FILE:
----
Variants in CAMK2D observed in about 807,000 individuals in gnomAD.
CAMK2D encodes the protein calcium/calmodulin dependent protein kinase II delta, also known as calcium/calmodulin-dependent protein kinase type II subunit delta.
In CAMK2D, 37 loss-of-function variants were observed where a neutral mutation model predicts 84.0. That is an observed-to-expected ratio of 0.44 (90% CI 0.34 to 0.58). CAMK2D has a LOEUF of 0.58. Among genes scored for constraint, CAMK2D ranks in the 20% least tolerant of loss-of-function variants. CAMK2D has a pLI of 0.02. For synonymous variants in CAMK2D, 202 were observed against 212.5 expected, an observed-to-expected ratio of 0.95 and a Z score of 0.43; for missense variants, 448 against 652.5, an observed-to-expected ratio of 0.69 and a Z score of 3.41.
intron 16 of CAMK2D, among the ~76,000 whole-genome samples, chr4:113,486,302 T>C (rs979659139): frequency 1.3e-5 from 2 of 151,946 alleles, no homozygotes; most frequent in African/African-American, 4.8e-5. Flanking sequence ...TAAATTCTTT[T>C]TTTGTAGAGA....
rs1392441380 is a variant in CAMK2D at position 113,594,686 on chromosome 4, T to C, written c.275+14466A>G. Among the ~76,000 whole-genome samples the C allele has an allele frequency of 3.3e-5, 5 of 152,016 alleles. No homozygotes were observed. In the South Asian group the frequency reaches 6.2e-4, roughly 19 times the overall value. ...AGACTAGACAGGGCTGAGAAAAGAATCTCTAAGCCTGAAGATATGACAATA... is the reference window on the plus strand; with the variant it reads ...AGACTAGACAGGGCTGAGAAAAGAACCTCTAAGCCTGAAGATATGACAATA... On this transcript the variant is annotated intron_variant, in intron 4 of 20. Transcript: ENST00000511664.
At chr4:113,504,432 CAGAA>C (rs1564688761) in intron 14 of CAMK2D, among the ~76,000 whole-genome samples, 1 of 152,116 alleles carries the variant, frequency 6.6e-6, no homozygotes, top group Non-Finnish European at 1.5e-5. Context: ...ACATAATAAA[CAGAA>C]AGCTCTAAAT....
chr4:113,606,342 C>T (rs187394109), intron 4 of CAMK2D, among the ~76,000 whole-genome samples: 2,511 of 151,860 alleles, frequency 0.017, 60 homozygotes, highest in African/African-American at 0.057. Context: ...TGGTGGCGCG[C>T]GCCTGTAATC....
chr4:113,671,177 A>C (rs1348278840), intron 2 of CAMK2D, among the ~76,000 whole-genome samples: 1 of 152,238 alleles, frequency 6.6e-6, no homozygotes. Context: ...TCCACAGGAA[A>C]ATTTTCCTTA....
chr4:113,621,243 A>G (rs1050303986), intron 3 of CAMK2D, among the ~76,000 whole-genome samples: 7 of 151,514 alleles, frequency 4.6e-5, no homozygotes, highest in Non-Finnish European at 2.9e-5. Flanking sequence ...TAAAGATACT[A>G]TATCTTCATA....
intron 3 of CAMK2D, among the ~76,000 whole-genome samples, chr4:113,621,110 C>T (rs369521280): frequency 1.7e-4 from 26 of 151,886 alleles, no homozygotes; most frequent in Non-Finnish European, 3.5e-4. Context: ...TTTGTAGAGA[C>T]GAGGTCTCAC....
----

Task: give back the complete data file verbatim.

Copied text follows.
Variants in CAMK2D observed in about 807,000 individuals in gnomAD.
CAMK2D encodes the protein calcium/calmodulin dependent protein kinase II delta, also known as calcium/calmodulin-dependent protein kinase type II subunit delta.
In CAMK2D, 37 loss-of-function variants were observed where a neutral mutation model predicts 84.0. That is an observed-to-expected ratio of 0.44 (90% CI 0.34 to 0.58). CAMK2D has a LOEUF of 0.58. Among genes scored for constraint, CAMK2D ranks in the 20% least tolerant of loss-of-function variants. CAMK2D has a pLI of 0.02. For synonymous variants in CAMK2D, 202 were observed against 212.5 expected, an observed-to-expected ratio of 0.95 and a Z score of 0.43; for missense variants, 448 against 652.5, an observed-to-expected ratio of 0.69 and a Z score of 3.41.
intron 16 of CAMK2D, among the ~76,000 whole-genome samples, chr4:113,486,302 T>C (rs979659139): frequency 1.3e-5 from 2 of 151,946 alleles, no homozygotes; most frequent in African/African-American, 4.8e-5. Flanking sequence ...TAAATTCTTT[T>C]TTTGTAGAGA....
rs1392441380 is a variant in CAMK2D at position 113,594,686 on chromosome 4, T to C, written c.275+14466A>G. Among the ~76,000 whole-genome samples the C allele has an allele frequency of 3.3e-5, 5 of 152,016 alleles. No homozygotes were observed. In the South Asian group the frequency reaches 6.2e-4, roughly 19 times the overall value. ...AGACTAGACAGGGCTGAGAAAAGAATCTCTAAGCCTGAAGATATGACAATA... is the reference window on the plus strand; with the variant it reads ...AGACTAGACAGGGCTGAGAAAAGAACCTCTAAGCCTGAAGATATGACAATA... On this transcript the variant is annotated intron_variant, in intron 4 of 20. Transcript: ENST00000511664.
At chr4:113,504,432 CAGAA>C (rs1564688761) in intron 14 of CAMK2D, among the ~76,000 whole-genome samples, 1 of 152,116 alleles carries the variant, frequency 6.6e-6, no homozygotes, top group Non-Finnish European at 1.5e-5. Context: ...ACATAATAAA[CAGAA>C]AGCTCTAAAT....
chr4:113,606,342 C>T (rs187394109), intron 4 of CAMK2D, among the ~76,000 whole-genome samples: 2,511 of 151,860 alleles, frequency 0.017, 60 homozygotes, highest in African/African-American at 0.057. Context: ...TGGTGGCGCG[C>T]GCCTGTAATC....
chr4:113,671,177 A>C (rs1348278840), intron 2 of CAMK2D, among the ~76,000 whole-genome samples: 1 of 152,238 alleles, frequency 6.6e-6, no homozygotes. Context: ...TCCACAGGAA[A>C]ATTTTCCTTA....
chr4:113,621,243 A>G (rs1050303986), intron 3 of CAMK2D, among the ~76,000 whole-genome samples: 7 of 151,514 alleles, frequency 4.6e-5, no homozygotes, highest in Non-Finnish European at 2.9e-5. Flanking sequence ...TAAAGATACT[A>G]TATCTTCATA....
intron 3 of CAMK2D, among the ~76,000 whole-genome samples, chr4:113,621,110 C>T (rs369521280): frequency 1.7e-4 from 26 of 151,886 alleles, no homozygotes; most frequent in Non-Finnish European, 3.5e-4. Context: ...TTTGTAGAGA[C>T]GAGGTCTCAC....